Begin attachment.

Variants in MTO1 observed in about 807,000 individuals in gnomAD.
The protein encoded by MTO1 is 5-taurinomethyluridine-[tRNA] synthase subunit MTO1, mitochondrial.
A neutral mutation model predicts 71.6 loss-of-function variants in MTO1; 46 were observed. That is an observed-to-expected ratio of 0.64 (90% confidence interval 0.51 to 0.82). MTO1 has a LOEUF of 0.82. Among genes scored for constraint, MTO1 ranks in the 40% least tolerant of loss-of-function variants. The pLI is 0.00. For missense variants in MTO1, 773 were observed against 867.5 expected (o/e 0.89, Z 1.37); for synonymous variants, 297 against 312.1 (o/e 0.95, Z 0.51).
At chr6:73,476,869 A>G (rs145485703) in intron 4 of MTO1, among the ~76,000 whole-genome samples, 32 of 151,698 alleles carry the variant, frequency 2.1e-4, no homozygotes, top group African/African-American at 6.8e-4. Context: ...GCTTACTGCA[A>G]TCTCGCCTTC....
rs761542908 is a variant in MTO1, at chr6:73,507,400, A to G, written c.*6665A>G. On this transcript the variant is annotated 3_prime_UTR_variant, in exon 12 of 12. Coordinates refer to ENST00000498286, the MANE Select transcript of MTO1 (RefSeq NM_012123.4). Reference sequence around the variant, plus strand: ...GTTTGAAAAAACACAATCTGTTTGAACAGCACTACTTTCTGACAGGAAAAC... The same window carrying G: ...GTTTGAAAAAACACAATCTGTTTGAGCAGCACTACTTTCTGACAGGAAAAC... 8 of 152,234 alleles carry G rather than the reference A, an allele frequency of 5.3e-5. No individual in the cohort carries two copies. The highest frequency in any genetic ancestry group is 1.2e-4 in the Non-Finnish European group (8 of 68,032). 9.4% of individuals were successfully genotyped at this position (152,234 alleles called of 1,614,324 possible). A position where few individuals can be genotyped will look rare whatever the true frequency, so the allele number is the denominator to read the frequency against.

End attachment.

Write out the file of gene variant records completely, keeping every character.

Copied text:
Variants in MTO1 observed in about 807,000 individuals in gnomAD.
The protein encoded by MTO1 is 5-taurinomethyluridine-[tRNA] synthase subunit MTO1, mitochondrial.
A neutral mutation model predicts 71.6 loss-of-function variants in MTO1; 46 were observed. That is an observed-to-expected ratio of 0.64 (90% confidence interval 0.51 to 0.82). MTO1 has a LOEUF of 0.82. Among genes scored for constraint, MTO1 ranks in the 40% least tolerant of loss-of-function variants. The pLI is 0.00. For missense variants in MTO1, 773 were observed against 867.5 expected (o/e 0.89, Z 1.37); for synonymous variants, 297 against 312.1 (o/e 0.95, Z 0.51).
At chr6:73,476,869 A>G (rs145485703) in intron 4 of MTO1, among the ~76,000 whole-genome samples, 32 of 151,698 alleles carry the variant, frequency 2.1e-4, no homozygotes, top group African/African-American at 6.8e-4. Context: ...GCTTACTGCA[A>G]TCTCGCCTTC....
rs761542908 is a variant in MTO1, at chr6:73,507,400, A to G, written c.*6665A>G. On this transcript the variant is annotated 3_prime_UTR_variant, in exon 12 of 12. Coordinates refer to ENST00000498286, the MANE Select transcript of MTO1 (RefSeq NM_012123.4). Reference sequence around the variant, plus strand: ...GTTTGAAAAAACACAATCTGTTTGAACAGCACTACTTTCTGACAGGAAAAC... The same window carrying G: ...GTTTGAAAAAACACAATCTGTTTGAGCAGCACTACTTTCTGACAGGAAAAC... 8 of 152,234 alleles carry G rather than the reference A, an allele frequency of 5.3e-5. No individual in the cohort carries two copies. The highest frequency in any genetic ancestry group is 1.2e-4 in the Non-Finnish European group (8 of 68,032). 9.4% of individuals were successfully genotyped at this position (152,234 alleles called of 1,614,324 possible). A position where few individuals can be genotyped will look rare whatever the true frequency, so the allele number is the denominator to read the frequency against.